## A Concise Introduction to the Theory of NumbersNumber theory has a long and distinguished history and the concepts and problems relating to the subject have been instrumental in the foundation of much of mathematics. In this book, Professor Baker describes the rudiments of number theory in a concise, simple and direct manner. Though most of the text is classical in content, he includes many guides to further study which will stimulate the reader to delve into the great wealth of literature devoted to the subject. The book is based on Professor Baker's lectures given at the University of Cambridge and is intended for undergraduate students of mathematics. |

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### Contents

III | 1 |

VI | 2 |

VII | 3 |

VIII | 4 |

IX | 6 |

X | 7 |

XI | 8 |

XII | 9 |

XXXIV | 41 |

XXXV | 43 |

XXXVI | 44 |

XXXVII | 46 |

XXXVIII | 48 |

XXXIX | 50 |

XL | 53 |

XLI | 56 |

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### Common terms and phrases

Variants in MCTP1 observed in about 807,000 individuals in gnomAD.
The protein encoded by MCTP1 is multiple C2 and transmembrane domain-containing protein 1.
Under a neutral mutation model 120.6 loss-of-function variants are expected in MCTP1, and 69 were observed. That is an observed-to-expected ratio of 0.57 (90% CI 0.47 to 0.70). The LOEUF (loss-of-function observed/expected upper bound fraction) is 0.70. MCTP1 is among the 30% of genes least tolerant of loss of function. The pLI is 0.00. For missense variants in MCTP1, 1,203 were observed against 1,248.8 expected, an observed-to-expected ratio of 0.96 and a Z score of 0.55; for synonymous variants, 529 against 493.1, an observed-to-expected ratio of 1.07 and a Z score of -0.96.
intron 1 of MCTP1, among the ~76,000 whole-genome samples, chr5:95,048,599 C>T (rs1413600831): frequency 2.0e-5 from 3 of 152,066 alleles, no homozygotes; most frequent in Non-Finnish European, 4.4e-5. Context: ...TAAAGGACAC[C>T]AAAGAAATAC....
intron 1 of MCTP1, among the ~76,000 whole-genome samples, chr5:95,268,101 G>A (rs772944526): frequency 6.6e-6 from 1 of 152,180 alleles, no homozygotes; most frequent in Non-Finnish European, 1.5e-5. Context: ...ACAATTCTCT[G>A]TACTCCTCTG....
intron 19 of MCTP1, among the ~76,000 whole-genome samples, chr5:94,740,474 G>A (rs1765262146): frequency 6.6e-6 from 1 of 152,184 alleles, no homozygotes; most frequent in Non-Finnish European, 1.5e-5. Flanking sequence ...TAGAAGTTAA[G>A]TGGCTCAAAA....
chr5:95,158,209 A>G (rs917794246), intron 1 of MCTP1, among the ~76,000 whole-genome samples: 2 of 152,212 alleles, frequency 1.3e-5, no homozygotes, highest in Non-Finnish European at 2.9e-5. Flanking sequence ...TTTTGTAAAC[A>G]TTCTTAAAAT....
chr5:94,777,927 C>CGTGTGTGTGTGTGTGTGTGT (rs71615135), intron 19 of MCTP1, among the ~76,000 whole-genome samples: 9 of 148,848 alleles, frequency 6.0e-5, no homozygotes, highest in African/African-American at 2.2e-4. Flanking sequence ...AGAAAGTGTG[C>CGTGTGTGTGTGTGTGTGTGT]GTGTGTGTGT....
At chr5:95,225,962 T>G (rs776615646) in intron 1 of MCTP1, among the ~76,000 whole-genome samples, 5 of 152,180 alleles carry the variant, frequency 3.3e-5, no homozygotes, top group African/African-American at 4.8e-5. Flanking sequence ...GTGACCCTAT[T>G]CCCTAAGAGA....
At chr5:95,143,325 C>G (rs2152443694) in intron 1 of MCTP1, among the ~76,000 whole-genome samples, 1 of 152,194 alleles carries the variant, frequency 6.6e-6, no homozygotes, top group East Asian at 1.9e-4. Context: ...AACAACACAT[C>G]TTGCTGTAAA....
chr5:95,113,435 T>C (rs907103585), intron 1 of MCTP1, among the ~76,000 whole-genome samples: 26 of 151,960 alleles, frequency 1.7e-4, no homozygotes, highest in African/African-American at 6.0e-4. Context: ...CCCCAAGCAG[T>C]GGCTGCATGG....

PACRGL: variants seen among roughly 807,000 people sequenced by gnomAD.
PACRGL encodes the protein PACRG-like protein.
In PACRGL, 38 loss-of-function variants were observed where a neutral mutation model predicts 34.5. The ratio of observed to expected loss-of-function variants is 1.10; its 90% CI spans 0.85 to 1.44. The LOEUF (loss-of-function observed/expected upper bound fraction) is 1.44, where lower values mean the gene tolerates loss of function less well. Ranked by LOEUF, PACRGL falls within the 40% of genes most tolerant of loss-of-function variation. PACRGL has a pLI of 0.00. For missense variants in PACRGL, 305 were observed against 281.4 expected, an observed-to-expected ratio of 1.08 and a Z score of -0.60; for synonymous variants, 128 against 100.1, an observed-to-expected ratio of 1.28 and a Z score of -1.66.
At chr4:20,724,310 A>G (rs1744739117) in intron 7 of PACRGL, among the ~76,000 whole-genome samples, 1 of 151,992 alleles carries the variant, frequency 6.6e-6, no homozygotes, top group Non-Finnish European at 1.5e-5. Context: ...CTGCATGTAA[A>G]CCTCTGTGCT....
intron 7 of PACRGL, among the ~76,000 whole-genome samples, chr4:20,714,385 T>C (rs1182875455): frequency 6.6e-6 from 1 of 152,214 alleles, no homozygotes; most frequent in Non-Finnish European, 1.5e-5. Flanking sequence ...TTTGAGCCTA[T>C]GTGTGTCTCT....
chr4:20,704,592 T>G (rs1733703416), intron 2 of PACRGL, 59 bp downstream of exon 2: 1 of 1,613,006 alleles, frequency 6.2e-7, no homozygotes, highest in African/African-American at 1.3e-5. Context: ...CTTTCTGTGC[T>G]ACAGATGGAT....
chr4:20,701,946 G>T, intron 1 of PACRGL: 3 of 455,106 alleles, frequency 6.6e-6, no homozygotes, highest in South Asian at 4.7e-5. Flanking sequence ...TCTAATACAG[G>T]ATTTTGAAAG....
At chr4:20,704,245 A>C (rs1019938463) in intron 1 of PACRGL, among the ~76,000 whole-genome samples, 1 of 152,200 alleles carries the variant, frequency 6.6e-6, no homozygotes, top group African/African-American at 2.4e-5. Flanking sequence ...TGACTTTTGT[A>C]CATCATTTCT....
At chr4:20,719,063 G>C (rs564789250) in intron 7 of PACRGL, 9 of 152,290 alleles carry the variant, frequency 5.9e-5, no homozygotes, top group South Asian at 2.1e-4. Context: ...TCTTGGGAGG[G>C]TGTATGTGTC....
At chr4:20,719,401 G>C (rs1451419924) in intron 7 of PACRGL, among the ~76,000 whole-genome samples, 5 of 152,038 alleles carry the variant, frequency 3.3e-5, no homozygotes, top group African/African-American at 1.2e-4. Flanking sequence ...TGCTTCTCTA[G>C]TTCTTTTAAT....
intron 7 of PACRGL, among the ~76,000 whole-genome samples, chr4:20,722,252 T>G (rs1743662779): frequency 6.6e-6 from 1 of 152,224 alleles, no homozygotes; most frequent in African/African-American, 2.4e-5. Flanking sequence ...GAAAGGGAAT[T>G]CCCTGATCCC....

algebraic integers algebraic number field arithmetic asserts assume binary form Chapter congruence continued fraction defined denote divides Euclidean fields Euler exist integers expressed fact Fermat Fermat's conjecture Fermat's theorem finite forms with discriminant function Gauss Gaussian field Gaussian integer Gaussian prime given gives Hence implies inequality infinitely integer coefficients integer solutions irreducible elements Lagrange's theorem law of quadratic Legendre symbol linear forms Liouville's theorem Minkowski's Mordell multiplicative natural number number of solutions number theory obtain odd prime or(n pa/q partial quotients Pell equation plainly polynomial with integer positive integers prime power primitive root mod proof prove quadratic irrational quadratic non-residue mod quadratic reciprocity quadratic residue mod rational integers rational points readily verified real numbers reduced set relatively prime satisfies set of residues soluble solution in positive solutions mod suffices theory of numbers Thue equation Thue's theorem unique factorization whence zeros